Forcing your dog to socialize and be petted by children is dangerous when you have a dog that has warned you that he doesn’t like them.
You can still have well mannered children toss treats to your dog’s feet without ever risking a bite just make sure they understand that they still can’t pet when they are done with the treats (sometimes people think after they toss treats they can pet).
You can also use a basket muzzle on your dog to make sure that forced interaction (when you have children in your dog’s space) is as safe as possible.
If It Was My Dog??
I would avoid loud and crazy kids like the plague, and if I couldn’t control the kids I would head in the other direction.
If I could control the kids and they were well mannered I would have them toss great treats toward my dog’s feet.
But ultimately I would teach my dog to give me attention and be able to learn to relax around kids (kinda like the spiders). I want to give my dog something else to do that he is capable with that gives him confidence and trust in me for help on teaching your dog Eye Contact and Focus click here.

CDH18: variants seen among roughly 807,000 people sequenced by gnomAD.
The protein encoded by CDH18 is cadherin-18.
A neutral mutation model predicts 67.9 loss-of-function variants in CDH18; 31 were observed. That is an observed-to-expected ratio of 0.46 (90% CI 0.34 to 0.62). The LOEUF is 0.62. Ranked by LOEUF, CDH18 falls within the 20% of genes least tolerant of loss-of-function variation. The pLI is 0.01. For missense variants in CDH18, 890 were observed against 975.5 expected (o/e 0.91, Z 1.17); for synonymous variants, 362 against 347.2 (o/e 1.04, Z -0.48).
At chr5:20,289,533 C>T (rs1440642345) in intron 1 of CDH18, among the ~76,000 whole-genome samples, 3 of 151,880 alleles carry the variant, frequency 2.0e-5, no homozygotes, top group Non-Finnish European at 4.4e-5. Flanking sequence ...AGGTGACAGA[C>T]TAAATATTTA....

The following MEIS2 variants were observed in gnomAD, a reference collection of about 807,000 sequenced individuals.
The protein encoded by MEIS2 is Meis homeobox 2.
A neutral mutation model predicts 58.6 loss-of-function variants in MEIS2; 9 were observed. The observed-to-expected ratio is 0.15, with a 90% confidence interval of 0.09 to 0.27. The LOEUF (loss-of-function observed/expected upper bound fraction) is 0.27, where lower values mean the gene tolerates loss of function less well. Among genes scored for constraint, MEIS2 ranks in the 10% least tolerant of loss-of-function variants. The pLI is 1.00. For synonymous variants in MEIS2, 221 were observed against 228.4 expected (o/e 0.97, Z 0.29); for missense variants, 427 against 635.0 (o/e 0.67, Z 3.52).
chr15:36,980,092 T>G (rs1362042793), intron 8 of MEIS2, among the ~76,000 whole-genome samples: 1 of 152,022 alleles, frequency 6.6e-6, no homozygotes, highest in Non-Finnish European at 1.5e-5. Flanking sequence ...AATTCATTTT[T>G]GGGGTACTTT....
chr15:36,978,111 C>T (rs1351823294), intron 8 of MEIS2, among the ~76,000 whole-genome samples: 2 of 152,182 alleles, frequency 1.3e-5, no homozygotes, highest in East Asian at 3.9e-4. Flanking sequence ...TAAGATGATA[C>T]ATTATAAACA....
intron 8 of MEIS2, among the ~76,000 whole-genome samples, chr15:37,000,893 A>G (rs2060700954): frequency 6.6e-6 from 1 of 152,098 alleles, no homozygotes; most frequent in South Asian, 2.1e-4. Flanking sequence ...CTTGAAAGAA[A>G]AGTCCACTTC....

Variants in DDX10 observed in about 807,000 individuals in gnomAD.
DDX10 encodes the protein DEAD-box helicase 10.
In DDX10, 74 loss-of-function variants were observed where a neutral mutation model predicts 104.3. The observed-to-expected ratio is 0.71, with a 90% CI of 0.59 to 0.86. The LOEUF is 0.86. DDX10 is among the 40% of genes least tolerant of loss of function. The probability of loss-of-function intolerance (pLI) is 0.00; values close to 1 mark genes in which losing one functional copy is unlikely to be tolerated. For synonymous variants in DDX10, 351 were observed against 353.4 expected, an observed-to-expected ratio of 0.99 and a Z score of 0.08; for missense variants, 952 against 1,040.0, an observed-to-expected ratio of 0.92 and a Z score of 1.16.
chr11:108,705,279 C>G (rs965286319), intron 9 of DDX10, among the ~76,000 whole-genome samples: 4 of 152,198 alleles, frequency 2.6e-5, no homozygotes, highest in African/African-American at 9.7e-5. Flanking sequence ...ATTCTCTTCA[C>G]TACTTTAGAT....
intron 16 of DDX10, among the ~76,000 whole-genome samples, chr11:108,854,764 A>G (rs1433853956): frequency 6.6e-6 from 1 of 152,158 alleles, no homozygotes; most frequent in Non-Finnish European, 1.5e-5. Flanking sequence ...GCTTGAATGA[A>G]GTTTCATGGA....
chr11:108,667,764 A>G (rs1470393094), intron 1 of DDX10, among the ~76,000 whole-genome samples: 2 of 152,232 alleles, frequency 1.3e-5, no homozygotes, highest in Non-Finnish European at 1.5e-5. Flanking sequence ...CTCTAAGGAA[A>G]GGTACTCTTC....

Forcing him to sit nicely and be petted (when he doesn’t want to) takes all of that trust away and can force a bite. Not all dogs enjoy being petted for more on that click here.
If I was truly concerned, I would utilize a basket muzzle (for more on that and why I love muzzles click here).
And, if my step kids were to have some kind of wild party full of wild kids I would crate my dog so he didn’t have to suffer.
I don’t want to avoid children altogether or not train around them (always at a safe distance or with a muzzle), but when you are not in control, sometimes it is best to just keep everyone safe.
You have to work at a safe distance, where your dog is showing no signs of stress and give him or her some coping mechanisms using treats and toys while teaching him to trust you.
And, I hate to say it; but you have to be prepare to yell at or discourage children from running up to your dog for more on that and why click here.
As much as I hate to be the bad guy, I would rather yell at a kid or his parents to stop his advancement rather than have him/her set me back in my training or risk my dog biting.